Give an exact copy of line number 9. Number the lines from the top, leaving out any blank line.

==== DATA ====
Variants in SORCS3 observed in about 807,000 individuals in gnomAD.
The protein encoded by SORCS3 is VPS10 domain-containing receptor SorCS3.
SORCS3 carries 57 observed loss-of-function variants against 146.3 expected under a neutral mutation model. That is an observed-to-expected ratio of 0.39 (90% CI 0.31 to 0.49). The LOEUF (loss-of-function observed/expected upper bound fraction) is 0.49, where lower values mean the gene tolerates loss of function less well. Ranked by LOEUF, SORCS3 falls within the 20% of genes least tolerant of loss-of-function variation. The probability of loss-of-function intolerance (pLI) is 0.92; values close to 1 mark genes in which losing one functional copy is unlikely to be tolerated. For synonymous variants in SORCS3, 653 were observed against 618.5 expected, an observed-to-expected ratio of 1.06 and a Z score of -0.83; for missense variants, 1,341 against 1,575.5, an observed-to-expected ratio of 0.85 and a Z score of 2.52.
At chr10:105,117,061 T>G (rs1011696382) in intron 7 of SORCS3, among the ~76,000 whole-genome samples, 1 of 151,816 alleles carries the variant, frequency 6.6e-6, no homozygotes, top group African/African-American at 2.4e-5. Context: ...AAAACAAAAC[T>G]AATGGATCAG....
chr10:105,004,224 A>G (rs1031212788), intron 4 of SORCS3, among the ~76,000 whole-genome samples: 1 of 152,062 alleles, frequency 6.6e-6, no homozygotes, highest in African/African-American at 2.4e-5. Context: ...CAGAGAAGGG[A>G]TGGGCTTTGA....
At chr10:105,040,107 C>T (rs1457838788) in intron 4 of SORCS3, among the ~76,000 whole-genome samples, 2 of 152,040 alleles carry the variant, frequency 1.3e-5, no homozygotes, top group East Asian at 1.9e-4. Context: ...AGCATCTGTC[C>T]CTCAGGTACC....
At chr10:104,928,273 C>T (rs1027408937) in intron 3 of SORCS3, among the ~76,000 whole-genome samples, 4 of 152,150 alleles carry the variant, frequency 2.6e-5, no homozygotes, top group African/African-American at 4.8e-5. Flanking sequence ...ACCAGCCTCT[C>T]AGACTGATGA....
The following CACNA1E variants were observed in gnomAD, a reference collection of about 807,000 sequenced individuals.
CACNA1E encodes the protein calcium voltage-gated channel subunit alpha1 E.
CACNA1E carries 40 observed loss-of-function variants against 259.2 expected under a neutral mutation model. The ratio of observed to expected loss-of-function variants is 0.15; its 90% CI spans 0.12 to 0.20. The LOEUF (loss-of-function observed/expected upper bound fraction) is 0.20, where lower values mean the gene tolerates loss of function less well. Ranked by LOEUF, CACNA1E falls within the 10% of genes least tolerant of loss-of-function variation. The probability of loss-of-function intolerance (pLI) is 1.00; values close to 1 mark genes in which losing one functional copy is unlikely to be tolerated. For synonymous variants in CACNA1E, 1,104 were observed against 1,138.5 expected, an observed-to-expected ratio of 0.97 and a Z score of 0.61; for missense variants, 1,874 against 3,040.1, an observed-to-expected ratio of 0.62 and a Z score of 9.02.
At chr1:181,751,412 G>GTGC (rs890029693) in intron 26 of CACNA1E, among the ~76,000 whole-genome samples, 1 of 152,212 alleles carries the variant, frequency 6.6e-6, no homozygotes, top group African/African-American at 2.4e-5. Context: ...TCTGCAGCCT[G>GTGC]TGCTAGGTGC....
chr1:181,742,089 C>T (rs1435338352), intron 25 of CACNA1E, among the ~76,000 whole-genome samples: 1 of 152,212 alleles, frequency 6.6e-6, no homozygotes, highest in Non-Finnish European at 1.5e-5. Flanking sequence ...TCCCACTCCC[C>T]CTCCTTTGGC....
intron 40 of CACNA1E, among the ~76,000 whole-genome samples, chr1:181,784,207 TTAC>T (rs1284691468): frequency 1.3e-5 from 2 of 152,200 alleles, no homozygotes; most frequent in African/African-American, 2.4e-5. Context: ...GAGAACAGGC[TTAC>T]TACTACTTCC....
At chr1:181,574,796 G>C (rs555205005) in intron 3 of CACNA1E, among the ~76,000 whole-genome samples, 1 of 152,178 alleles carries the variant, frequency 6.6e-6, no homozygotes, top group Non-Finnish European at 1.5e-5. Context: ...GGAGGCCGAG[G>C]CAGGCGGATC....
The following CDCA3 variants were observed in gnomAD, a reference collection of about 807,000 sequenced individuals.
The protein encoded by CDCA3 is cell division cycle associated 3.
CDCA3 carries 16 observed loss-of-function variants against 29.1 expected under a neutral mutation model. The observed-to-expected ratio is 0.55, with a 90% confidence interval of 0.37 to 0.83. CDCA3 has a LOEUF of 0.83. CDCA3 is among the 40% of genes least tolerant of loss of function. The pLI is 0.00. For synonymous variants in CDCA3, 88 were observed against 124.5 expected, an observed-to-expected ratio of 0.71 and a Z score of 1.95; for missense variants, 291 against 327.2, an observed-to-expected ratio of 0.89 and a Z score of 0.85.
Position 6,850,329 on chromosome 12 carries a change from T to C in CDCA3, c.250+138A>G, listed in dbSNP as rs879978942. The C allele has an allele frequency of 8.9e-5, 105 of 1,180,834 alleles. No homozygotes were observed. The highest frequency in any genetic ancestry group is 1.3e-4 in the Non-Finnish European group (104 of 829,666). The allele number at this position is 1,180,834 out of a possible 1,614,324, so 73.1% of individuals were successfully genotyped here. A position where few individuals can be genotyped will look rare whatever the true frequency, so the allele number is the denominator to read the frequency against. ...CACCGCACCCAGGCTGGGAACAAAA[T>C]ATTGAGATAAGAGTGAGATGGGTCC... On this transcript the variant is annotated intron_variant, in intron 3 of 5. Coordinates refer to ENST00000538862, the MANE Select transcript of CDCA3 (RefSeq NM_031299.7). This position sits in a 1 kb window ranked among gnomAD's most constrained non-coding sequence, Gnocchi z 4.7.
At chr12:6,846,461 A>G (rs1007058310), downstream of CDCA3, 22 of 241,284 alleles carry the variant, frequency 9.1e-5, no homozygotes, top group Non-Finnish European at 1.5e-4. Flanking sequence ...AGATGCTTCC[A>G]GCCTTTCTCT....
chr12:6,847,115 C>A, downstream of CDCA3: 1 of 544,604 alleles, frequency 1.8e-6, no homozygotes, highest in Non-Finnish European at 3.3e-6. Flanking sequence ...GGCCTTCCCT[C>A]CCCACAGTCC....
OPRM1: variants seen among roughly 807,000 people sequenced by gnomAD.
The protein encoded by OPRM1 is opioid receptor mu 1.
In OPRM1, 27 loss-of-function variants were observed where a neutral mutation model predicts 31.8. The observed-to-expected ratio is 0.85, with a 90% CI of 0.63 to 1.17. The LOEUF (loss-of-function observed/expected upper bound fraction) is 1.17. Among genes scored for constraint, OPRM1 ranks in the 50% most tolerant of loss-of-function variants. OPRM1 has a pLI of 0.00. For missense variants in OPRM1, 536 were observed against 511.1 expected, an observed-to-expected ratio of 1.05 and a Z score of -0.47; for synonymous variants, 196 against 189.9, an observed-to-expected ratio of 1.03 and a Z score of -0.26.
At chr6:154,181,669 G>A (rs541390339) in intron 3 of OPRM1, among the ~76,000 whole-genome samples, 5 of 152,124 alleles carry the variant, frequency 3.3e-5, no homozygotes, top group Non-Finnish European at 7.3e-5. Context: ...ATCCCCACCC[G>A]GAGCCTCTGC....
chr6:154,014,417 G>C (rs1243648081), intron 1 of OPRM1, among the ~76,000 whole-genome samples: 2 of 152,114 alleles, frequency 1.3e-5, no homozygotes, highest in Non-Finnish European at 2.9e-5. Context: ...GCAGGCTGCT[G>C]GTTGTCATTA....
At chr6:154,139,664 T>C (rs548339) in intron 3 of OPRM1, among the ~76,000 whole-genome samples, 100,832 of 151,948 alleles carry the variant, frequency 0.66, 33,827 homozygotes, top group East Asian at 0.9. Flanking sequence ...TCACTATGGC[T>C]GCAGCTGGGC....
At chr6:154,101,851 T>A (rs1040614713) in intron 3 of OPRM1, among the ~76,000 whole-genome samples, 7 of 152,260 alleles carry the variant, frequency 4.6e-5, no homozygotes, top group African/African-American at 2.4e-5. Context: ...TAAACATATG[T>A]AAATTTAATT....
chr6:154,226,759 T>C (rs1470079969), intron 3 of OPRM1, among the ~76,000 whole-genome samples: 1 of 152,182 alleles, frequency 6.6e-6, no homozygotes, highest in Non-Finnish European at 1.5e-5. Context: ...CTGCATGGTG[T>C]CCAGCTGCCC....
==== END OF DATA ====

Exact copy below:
CACNA1E encodes the protein calcium voltage-gated channel subunit alpha1 E.